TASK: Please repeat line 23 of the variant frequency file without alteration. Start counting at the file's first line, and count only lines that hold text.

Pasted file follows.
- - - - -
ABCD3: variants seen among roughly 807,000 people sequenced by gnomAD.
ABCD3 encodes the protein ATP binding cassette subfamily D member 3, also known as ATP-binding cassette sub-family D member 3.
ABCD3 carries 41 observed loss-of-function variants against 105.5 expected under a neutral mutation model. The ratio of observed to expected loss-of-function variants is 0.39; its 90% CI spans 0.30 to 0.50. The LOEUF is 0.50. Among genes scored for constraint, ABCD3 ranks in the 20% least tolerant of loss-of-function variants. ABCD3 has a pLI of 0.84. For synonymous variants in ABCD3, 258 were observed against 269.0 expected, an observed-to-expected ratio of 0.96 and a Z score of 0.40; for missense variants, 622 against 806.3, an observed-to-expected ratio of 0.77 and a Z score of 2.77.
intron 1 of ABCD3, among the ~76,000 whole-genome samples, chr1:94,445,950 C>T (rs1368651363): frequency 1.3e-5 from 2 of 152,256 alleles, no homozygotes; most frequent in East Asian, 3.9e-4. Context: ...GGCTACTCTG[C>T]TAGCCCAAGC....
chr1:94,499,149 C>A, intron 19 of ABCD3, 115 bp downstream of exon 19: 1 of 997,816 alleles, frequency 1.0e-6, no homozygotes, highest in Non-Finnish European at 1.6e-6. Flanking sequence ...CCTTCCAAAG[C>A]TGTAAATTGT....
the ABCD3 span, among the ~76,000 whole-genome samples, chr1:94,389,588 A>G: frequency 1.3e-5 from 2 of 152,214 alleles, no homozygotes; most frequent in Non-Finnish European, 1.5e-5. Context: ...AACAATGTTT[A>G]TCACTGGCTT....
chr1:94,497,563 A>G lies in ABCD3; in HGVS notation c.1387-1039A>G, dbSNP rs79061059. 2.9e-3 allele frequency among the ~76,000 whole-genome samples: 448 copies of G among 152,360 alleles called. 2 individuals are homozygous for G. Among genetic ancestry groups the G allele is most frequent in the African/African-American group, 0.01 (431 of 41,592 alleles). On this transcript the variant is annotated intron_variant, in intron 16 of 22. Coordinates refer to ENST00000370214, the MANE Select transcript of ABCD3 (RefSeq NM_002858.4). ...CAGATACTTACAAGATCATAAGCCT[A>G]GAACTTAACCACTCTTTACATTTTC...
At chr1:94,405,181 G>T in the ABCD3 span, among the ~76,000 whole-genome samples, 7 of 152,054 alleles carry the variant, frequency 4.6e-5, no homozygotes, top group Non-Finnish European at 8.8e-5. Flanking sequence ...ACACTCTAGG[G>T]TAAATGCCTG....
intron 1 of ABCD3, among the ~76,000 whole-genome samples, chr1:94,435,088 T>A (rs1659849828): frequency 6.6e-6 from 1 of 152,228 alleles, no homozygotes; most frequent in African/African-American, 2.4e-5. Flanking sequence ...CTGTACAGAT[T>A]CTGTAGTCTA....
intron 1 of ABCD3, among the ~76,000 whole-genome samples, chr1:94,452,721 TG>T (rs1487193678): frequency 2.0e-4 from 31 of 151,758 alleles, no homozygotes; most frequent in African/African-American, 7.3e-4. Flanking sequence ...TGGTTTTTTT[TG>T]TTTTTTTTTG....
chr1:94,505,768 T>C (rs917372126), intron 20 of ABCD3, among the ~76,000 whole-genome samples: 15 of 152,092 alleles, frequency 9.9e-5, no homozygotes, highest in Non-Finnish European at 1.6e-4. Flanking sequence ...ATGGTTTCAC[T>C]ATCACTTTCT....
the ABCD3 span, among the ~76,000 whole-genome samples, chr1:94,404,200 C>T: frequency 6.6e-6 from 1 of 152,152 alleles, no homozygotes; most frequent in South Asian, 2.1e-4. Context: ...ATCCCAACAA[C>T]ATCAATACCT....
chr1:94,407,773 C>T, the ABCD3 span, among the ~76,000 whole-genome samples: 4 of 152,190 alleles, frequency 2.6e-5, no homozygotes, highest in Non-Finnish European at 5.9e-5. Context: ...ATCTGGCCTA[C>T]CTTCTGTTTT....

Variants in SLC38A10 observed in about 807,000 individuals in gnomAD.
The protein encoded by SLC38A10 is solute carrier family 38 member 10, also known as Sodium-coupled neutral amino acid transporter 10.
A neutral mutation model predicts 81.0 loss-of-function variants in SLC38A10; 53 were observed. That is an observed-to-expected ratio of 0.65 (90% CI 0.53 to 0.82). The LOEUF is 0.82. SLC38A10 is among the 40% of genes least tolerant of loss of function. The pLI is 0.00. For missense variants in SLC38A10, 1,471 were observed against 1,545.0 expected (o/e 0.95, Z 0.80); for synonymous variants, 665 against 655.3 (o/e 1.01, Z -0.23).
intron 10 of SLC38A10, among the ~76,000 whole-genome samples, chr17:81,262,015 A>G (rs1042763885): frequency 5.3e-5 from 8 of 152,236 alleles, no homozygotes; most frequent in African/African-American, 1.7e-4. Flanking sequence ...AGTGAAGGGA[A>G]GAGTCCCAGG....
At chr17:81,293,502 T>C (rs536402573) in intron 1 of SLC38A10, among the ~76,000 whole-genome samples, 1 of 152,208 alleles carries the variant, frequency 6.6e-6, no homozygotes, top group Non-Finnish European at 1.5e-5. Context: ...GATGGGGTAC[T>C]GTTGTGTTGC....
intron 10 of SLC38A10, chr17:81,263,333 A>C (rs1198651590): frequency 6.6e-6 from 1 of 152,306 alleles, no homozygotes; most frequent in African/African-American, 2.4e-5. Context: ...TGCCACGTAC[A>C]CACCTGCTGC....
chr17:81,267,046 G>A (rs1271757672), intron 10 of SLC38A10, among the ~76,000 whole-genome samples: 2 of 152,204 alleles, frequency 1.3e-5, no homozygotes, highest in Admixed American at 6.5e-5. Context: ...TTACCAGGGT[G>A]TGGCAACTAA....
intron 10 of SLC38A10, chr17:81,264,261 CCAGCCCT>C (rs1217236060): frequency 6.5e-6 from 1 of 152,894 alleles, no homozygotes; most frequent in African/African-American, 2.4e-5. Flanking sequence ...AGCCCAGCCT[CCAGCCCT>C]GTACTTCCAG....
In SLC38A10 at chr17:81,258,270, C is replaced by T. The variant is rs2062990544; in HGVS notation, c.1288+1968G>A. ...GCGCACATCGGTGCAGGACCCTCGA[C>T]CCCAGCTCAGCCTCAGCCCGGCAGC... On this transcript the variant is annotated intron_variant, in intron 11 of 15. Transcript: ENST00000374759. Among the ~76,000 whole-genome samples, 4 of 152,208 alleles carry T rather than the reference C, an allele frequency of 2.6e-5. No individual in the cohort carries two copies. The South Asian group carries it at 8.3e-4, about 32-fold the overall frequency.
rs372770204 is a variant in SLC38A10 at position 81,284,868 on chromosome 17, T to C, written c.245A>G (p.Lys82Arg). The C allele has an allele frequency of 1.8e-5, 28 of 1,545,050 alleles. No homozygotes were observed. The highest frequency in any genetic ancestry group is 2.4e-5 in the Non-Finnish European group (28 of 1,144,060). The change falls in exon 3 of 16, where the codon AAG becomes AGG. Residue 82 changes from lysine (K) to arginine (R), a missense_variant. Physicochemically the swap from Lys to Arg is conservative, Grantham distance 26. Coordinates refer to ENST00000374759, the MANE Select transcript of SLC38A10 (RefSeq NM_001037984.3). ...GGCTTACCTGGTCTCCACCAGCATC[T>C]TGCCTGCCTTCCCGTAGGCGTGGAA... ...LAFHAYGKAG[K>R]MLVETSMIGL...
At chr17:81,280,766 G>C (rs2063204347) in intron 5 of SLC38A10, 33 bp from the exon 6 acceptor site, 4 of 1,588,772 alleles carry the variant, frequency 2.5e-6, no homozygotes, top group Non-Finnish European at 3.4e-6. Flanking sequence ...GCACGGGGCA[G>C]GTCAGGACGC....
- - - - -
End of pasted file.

rs372770204 is a variant in SLC38A10 at position 81,284,868 on chromosome 17, T to C, written c.245A>G (p.Lys82Arg). The C allele has an allele frequency of 1.8e-5, 28 of 1,545,050 alleles. No homozygotes were observed. The highest frequency in any genetic ancestry group is 2.4e-5 in the Non-Finnish European group (28 of 1,144,060). The change falls in exon 3 of 16, where the codon AAG becomes AGG. Residue 82 changes from lysine (K) to arginine (R), a missense_variant. Physicochemically the swap from Lys to Arg is conservative, Grantham distance 26. Coordinates refer to ENST00000374759, the MANE Select transcript of SLC38A10 (RefSeq NM_001037984.3). ...GGCTTACCTGGTCTCCACCAGCATC[T>C]TGCCTGCCTTCCCGTAGGCGTGGAA... ...LAFHAYGKAG[K>R]MLVETSMIGL...